Perkins, George (1852-1901)
Transcription of Obituary in the Christian Messenger
Mr. Geo. Perkins was the son of William and Martha Perkins, and was born at Gainsborough November 10, 1852. His father was a worldly man, possessing many excellent qualities. His mother was a godly woman, and a member of our church up to the day of her death. When a child George was sent to Sunday School, with which he sustained as Scholar, Teacher, Secretary, Superintendent, an unbroken connection till he passed away to his reward in the skies. Very early in life he was the subject of religious convictions, and when but a boy he, in company with others, attended a District Meeting at Retford and heard the now sainted George Lamb preach from Prov. xxiii., 26, “My son gave me thine heart.” He then and there decided to serve the Lord and forthwith joined in Church fellowship, and by no means to be a sleeping partner, but to enter heartily into the various activities. As a member of the choir he took deep interest in it. And when in a revival upwards of 25 years ago a number of young people were converted and it was thought advisable to start a class for them, Bro. Perkins was called upon to take the leadership of it.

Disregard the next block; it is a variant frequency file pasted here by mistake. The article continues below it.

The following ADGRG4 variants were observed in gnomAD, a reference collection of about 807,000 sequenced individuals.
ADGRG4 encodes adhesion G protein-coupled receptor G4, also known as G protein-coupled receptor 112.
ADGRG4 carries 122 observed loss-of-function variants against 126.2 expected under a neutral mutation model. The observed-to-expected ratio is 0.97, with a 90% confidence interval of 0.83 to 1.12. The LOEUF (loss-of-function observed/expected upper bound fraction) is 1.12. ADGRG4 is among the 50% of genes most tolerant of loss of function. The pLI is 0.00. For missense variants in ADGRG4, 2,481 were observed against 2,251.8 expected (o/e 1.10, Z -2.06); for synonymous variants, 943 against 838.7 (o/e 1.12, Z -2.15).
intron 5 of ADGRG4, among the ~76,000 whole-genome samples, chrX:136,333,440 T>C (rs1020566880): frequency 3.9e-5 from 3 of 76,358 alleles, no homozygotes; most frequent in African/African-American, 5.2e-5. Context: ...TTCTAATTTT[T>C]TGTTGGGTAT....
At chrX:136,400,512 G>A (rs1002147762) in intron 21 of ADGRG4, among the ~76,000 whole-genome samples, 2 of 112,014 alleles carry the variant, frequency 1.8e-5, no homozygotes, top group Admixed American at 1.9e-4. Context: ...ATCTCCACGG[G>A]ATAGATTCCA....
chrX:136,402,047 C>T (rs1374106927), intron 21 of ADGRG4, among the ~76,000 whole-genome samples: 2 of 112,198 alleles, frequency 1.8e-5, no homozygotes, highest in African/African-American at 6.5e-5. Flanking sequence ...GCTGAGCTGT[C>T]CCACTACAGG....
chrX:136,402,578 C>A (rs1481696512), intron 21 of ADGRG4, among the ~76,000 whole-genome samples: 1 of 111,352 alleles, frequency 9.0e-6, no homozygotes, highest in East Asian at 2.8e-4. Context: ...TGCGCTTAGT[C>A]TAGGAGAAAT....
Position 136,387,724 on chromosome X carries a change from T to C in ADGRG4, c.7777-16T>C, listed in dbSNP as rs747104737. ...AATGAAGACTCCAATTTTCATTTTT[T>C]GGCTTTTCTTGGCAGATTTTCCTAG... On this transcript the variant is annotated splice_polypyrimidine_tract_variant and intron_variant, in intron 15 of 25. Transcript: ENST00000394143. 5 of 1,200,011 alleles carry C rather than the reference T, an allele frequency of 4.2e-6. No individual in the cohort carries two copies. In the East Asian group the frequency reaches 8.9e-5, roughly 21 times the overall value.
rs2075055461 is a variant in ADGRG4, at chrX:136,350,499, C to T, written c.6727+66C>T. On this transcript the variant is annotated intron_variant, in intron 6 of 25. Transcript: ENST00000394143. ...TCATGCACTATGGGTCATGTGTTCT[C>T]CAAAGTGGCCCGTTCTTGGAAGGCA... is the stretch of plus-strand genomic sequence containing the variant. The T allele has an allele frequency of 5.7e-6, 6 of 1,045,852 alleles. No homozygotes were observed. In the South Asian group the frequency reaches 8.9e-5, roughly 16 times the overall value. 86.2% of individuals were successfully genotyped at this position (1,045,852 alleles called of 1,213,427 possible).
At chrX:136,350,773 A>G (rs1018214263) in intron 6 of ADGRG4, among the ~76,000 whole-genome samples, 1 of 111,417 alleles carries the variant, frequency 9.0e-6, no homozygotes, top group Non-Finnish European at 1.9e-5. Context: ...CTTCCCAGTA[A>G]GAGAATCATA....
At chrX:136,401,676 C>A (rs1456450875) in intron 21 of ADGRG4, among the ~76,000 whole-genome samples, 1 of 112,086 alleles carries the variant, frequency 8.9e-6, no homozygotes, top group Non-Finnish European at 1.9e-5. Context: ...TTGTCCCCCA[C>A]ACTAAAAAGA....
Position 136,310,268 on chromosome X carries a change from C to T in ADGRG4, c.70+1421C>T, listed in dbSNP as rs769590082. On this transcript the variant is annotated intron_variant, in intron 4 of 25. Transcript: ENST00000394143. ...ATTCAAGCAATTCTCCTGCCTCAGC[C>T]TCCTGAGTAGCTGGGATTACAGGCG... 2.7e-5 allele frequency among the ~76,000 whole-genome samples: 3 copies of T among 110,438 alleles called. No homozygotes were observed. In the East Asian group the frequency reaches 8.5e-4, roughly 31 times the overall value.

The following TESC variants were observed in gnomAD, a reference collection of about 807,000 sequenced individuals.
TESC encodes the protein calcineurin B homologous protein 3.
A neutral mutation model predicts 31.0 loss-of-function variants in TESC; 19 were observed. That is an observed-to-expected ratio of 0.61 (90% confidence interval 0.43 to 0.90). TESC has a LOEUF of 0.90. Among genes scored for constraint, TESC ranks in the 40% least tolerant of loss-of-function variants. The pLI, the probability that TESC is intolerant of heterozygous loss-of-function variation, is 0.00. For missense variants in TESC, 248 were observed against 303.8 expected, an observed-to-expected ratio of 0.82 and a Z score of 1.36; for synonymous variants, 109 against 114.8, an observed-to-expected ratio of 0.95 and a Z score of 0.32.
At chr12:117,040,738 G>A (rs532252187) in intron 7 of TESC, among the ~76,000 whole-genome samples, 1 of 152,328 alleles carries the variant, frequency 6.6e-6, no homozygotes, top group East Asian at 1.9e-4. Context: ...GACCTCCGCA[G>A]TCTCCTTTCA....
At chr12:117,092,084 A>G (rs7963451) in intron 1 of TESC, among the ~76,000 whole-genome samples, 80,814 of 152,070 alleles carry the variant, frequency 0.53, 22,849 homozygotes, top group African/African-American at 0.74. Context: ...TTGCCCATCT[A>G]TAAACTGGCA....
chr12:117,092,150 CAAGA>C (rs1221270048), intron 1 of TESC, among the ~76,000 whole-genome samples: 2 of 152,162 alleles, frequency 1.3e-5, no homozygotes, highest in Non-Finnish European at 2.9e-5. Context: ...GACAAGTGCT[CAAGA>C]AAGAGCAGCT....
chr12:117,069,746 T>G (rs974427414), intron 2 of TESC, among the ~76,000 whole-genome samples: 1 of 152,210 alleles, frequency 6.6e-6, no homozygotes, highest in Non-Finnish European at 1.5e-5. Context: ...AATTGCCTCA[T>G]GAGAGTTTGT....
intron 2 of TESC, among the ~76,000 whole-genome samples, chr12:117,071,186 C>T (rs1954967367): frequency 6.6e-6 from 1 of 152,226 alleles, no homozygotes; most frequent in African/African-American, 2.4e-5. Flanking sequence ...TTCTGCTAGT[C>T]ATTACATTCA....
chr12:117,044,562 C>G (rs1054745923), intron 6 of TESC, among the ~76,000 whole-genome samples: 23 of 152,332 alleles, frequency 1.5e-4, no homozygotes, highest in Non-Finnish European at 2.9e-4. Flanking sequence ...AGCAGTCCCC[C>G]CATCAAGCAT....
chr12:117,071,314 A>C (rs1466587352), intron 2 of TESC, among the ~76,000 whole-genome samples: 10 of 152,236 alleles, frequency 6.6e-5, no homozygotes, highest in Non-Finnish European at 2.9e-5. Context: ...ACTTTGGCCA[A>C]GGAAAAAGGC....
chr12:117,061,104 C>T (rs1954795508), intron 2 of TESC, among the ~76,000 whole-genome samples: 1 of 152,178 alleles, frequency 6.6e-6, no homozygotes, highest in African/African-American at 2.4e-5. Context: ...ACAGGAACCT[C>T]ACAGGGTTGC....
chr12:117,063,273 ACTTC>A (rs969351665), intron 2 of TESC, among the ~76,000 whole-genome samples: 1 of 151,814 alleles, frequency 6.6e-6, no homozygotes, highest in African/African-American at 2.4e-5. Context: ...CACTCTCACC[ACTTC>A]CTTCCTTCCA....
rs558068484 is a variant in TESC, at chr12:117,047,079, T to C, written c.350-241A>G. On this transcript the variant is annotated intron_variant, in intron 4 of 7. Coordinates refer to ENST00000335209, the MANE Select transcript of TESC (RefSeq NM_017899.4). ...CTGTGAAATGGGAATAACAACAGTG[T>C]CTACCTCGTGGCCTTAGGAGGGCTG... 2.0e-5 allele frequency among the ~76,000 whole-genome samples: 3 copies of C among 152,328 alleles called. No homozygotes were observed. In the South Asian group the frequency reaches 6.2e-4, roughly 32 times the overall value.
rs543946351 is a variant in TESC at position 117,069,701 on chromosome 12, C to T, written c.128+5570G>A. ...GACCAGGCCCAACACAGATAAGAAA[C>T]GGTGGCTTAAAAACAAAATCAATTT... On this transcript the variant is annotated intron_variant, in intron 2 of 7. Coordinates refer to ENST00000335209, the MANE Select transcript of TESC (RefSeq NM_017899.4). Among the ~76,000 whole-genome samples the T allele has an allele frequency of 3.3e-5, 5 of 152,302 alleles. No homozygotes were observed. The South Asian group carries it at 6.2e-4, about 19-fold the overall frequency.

In 1875, on the retirement of the School Superintendent he was called upon to occupy that position, a post for which he had unique ability. His love for children, sanctified by Divine grace, gave him an unusual interest in and charm over young life. He was preminently a children’s man. Some years ago the Quarterly Meeting wished him to go on the plan as a Local Preacher, but he persistently declined, feeling that his work was in the Sunday School. He was only happy when surrounded by children. To see him on the anniversary day, his face beaming with delight, surrounded by hundreds of gaily dressed smiling children as he conducted the singing, was a sight which will long live in our memory. As a Superintendent his influence in the school was very great; not because of stern words but because he had won the hearts of both teachers and scholars. Having last year completed 25 years’ service as Superintendent of the school, it was resolved to mark the occasion by the presentation of an illuminated address, in acknowledging which he spoke of the cordial co-operation and support he had received from the teachers and the unbounded pleasure he had in the work, and if it were considered to be in the interests of the school how readily he would relinquish the position and again take a class as teacher. But the annual Teachers’ Meeting with absolute unanimity and great heartiness again elected him to the position. His work, however, was not confined to the Sunday School. The Christian Endeavour movement had no heartier supporter man was Bro. Perkins.